The agreement includes reappointment of ambassadors within two months, following an imminent meeting between the foreign ministers of both countries. But more importantly, the preliminary and primary result of the negotiations was to return to compliance and implementation of two key agreements: the General Agreement for Cooperation in the Fields of Economy, Trade, Investment, Technology, Science, Culture, Sports, and Youth, from 1998, and the Security Cooperation Agreement from 2001, both signed under President Mohammad Khatami in Iran and King Fahd in Saudi Arabia. Numerous high-level meetings took place in the time period between the two agreements. 

Not mentioned in the March 10 deal is what both sides have agreed with respect to ending the humanitarian situation and political deadlock in Yemen; Iran’s accusations against Saudi-funded Persian language media; as well as the proxy conflicts across the region, including in Lebanon and Iraq. But no one is expecting a grand bargain at this stage or anytime soon. Restoration of diplomatic ties itself is highly significant and it paves the way for direct dialogue and, eventually, cooperation. 

The agreement is undoubtedly a big win for the region and beyond. Bahrain, Kuwait, Oman, Qatar, the UAE, Iraq, Algeria, Egypt, Pakistan, Sudan, Turkey, France, as well as the United Nations, the European Union, and the GCC, all welcomed the agreement. The White House, too, welcomed the rapprochement, saying that “we support any effort to de-escalate tensions there” and “we think it’s in our own interests.” But the agreement is certainly a cause for concern for some groups in the United States and Israel.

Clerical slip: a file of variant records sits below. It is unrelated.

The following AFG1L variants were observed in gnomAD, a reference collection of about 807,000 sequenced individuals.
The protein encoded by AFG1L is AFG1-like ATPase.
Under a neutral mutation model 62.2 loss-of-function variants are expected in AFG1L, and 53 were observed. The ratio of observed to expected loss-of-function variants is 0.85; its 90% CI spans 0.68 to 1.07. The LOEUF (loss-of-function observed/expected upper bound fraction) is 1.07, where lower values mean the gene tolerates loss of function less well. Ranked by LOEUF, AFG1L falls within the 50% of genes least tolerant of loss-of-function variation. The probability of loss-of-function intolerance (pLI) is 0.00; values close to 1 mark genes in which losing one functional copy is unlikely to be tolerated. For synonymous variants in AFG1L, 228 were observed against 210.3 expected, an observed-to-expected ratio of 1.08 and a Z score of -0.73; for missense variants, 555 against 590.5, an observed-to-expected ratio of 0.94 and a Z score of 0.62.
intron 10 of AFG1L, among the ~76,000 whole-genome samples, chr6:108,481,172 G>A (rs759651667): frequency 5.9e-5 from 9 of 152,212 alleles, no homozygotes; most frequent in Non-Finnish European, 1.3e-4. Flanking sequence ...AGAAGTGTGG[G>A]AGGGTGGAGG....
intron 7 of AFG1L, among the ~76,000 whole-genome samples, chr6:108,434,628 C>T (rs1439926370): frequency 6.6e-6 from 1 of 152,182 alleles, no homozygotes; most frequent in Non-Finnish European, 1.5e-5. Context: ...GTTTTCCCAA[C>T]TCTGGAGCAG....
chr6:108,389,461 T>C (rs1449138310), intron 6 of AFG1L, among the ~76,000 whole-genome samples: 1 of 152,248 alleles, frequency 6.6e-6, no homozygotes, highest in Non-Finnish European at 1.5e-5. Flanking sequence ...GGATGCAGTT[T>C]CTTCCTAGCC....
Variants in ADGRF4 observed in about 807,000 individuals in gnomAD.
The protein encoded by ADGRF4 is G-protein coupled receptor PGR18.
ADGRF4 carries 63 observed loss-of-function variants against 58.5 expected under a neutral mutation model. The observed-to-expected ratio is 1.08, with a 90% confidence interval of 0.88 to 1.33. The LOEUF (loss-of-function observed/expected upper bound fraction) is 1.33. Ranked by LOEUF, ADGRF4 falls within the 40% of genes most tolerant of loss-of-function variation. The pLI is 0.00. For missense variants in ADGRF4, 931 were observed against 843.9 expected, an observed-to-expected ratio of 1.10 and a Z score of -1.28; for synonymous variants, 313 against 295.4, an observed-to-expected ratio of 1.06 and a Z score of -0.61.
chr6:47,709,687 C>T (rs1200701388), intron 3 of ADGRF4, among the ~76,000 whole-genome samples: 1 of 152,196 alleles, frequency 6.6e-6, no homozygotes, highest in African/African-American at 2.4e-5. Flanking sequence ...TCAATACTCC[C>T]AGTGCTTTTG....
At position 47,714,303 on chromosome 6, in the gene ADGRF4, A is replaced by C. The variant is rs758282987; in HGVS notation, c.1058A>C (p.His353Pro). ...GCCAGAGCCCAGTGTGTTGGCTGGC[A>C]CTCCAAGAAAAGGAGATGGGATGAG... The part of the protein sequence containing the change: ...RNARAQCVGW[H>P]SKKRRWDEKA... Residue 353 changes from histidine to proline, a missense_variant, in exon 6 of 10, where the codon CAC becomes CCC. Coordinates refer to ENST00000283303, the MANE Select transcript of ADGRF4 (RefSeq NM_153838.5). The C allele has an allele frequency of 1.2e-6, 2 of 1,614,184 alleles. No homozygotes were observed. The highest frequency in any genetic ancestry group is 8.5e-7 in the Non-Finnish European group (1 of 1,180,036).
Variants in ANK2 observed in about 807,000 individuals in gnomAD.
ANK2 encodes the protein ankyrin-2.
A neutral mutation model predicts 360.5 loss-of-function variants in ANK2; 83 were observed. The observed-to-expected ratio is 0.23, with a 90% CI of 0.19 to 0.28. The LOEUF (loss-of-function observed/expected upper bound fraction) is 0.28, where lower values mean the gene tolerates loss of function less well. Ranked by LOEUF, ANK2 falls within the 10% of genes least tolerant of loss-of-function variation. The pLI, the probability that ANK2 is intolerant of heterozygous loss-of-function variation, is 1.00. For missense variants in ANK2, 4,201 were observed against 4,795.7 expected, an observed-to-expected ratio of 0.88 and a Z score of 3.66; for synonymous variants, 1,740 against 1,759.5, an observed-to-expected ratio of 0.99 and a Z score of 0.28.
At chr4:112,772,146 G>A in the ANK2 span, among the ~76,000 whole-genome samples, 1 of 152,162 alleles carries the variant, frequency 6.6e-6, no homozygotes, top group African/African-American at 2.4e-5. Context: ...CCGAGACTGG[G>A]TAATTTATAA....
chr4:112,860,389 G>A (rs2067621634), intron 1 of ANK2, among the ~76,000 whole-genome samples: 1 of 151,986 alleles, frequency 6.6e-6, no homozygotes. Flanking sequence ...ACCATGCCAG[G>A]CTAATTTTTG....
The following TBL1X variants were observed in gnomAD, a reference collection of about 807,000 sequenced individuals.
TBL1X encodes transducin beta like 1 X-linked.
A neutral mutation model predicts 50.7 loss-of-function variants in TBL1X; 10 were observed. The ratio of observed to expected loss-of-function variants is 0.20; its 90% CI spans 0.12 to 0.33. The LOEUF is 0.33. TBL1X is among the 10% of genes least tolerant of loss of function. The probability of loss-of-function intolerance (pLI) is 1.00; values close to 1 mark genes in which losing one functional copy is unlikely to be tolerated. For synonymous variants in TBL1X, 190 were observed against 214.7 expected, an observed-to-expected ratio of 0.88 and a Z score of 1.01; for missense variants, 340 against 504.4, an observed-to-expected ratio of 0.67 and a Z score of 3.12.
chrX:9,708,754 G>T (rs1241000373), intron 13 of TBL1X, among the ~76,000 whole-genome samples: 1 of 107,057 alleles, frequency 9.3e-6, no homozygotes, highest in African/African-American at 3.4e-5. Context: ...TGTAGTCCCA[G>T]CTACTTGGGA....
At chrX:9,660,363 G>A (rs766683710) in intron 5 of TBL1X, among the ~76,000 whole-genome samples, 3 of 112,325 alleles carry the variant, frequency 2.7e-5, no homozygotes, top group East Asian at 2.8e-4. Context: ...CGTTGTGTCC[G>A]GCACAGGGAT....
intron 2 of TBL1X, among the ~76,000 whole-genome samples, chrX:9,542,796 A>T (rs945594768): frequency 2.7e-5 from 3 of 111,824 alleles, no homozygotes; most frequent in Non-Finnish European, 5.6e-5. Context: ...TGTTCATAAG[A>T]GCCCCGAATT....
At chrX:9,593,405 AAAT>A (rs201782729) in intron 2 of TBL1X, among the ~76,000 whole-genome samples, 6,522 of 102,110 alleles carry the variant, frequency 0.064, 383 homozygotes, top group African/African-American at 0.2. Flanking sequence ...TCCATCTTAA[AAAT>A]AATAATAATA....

These developments in the Gulf region are counter to the recent reports of the imminent formation of an Arab-Israeli coalition against Iran. While Iranians and Saudis were secretly negotiating in Beijing, reports were circulating on the final impediments to Saudi recognition of Israel, which included a list of security guarantees from the U.S. against Iran. In a twist to those reports, the Saudis dealt with Iran directly and through diplomacy. That is not to say cooperation with Israel will not continue, nor to say that recognition is not possible in the future. But what is clear is that the regional countries do not seek a military conflict.

Regional countries are keen on opening new horizons and this agreement finally allows them to do so. Saudi Foreign Minister Prince Faisal bin Farhan stated, “The countries of the region have one destiny and common denominators that make it necessary for us to join together to build a model of prosperity and stability for our peoples to enjoy.” This agreement is certainly a boost for regional diplomacy and has opened the door for further bilateral and multilateral arrangements and agreements in the near future.